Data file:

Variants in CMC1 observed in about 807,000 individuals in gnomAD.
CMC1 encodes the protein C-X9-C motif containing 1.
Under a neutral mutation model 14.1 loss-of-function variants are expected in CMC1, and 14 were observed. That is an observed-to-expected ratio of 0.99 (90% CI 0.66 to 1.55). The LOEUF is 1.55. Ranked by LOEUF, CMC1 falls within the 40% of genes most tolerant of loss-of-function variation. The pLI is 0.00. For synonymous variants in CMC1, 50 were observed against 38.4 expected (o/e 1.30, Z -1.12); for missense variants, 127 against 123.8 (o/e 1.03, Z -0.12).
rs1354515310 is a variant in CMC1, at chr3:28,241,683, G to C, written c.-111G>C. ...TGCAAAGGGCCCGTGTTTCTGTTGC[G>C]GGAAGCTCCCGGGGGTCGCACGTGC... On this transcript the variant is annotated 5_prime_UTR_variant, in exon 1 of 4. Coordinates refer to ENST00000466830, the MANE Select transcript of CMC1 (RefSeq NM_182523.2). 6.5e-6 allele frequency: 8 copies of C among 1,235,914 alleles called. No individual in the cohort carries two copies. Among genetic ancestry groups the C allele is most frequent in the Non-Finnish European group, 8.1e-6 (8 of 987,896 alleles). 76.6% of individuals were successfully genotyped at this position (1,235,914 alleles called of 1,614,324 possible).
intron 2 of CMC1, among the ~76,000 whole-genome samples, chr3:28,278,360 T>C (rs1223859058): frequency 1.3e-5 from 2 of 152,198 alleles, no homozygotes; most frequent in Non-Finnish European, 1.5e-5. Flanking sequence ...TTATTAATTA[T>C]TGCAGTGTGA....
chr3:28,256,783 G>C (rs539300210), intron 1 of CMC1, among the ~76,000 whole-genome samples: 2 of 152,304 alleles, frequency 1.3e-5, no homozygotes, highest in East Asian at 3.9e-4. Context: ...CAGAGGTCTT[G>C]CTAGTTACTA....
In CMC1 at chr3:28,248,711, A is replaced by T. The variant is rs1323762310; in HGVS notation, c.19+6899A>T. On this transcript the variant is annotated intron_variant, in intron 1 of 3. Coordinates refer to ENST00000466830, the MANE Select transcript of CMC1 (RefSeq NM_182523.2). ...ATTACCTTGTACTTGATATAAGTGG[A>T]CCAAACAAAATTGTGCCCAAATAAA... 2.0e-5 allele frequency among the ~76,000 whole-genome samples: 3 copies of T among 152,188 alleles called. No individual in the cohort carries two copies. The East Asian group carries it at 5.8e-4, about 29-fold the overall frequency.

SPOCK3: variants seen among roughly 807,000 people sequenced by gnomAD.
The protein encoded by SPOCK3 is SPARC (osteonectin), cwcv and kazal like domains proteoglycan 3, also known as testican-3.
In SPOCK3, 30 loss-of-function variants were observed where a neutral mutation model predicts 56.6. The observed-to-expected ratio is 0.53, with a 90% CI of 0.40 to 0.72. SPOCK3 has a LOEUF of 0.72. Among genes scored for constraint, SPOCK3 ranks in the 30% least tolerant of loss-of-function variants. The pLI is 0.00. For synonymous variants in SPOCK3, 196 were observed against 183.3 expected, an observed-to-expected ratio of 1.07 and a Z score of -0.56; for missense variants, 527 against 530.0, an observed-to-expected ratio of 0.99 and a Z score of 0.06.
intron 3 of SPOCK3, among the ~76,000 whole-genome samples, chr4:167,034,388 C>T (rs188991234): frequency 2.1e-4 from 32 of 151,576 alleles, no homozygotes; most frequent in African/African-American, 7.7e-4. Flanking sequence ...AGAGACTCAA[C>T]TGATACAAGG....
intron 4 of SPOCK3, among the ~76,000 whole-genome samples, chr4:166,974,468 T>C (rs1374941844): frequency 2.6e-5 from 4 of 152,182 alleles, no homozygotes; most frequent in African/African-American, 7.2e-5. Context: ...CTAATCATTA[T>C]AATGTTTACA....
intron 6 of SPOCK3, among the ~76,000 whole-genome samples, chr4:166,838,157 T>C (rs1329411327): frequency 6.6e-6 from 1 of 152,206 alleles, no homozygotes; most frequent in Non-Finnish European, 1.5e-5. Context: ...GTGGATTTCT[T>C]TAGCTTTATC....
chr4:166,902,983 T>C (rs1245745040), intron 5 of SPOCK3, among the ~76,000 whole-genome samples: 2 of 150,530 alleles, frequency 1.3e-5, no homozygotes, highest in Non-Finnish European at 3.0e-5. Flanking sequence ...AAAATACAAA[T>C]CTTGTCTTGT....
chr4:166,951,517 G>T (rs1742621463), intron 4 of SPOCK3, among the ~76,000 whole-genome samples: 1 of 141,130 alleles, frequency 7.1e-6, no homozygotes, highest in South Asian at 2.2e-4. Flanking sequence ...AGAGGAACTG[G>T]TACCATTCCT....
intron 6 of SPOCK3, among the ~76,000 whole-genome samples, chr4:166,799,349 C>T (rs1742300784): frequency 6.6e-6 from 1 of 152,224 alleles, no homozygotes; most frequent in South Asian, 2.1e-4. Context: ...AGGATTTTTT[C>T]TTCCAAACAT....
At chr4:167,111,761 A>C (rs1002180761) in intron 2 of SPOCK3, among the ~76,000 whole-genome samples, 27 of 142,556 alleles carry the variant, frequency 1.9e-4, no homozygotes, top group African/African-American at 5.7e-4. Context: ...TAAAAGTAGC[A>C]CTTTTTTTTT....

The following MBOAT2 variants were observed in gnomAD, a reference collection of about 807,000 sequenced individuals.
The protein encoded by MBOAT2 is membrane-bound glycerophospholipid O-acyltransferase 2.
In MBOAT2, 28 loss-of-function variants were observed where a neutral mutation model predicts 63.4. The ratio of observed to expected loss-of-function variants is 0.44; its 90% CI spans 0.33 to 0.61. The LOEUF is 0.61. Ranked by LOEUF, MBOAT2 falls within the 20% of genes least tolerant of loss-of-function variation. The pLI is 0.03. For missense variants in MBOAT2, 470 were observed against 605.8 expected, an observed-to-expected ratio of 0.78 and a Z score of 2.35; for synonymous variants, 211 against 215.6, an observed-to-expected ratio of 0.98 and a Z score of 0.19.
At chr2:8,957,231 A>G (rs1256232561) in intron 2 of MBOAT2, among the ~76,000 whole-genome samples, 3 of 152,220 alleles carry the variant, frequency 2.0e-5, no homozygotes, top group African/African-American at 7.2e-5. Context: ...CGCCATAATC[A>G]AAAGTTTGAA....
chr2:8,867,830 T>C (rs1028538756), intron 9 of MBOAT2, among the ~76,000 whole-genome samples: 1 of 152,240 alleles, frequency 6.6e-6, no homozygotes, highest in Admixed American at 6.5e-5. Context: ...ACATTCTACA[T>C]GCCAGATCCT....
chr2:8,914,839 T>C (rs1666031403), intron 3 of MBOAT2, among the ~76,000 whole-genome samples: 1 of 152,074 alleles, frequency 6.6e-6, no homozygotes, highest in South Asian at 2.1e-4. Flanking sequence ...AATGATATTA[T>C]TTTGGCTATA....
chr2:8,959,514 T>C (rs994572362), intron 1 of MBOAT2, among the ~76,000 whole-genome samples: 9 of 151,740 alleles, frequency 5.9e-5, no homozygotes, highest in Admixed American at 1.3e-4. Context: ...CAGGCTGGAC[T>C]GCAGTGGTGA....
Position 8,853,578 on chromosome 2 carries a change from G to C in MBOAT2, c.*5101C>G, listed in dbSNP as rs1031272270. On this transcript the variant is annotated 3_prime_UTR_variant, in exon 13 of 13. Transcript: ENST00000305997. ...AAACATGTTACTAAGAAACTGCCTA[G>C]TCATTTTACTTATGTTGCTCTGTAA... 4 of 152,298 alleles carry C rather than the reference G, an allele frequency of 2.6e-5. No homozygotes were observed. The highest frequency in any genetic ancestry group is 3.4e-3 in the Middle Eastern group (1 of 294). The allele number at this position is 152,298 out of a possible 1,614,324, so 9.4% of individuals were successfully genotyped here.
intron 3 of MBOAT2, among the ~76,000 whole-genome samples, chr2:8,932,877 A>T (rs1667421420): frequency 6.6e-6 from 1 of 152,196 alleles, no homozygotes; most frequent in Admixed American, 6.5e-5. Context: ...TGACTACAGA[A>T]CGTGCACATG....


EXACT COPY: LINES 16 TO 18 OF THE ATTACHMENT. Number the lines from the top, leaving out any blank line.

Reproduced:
intron 6 of SPOCK3, among the ~76,000 whole-genome samples, chr4:166,799,349 C>T (rs1742300784): frequency 6.6e-6 from 1 of 152,224 alleles, no homozygotes; most frequent in South Asian, 2.1e-4. Context: ...AGGATTTTTT[C>T]TTCCAAACAT....
At chr4:167,111,761 A>C (rs1002180761) in intron 2 of SPOCK3, among the ~76,000 whole-genome samples, 27 of 142,556 alleles carry the variant, frequency 1.9e-4, no homozygotes, top group African/African-American at 5.7e-4. Context: ...TAAAAGTAGC[A>C]CTTTTTTTTT....

The following MBOAT2 variants were observed in gnomAD, a reference collection of about 807,000 sequenced individuals.